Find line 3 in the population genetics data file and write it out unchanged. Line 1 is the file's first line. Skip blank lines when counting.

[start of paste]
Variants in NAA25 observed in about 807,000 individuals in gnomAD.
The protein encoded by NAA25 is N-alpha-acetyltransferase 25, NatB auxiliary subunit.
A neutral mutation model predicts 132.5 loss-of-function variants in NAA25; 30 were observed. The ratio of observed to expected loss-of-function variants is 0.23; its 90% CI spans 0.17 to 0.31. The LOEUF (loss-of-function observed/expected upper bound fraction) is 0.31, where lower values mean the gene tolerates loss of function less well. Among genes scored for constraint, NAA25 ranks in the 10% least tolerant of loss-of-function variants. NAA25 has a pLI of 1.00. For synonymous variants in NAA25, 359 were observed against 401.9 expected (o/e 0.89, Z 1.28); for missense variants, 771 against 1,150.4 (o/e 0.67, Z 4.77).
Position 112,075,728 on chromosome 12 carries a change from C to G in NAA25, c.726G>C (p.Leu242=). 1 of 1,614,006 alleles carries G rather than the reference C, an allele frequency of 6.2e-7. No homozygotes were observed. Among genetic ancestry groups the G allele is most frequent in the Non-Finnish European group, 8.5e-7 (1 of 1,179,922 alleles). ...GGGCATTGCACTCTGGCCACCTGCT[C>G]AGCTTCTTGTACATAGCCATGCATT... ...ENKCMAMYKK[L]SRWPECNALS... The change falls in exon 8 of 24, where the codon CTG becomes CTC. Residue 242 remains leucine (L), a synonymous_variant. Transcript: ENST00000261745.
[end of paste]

A neutral mutation model predicts 132.5 loss-of-function variants in NAA25; 30 were observed. The ratio of observed to expected loss-of-function variants is 0.23; its 90% CI spans 0.17 to 0.31. The LOEUF (loss-of-function observed/expected upper bound fraction) is 0.31, where lower values mean the gene tolerates loss of function less well. Among genes scored for constraint, NAA25 ranks in the 10% least tolerant of loss-of-function variants. NAA25 has a pLI of 1.00. For synonymous variants in NAA25, 359 were observed against 401.9 expected (o/e 0.89, Z 1.28); for missense variants, 771 against 1,150.4 (o/e 0.67, Z 4.77).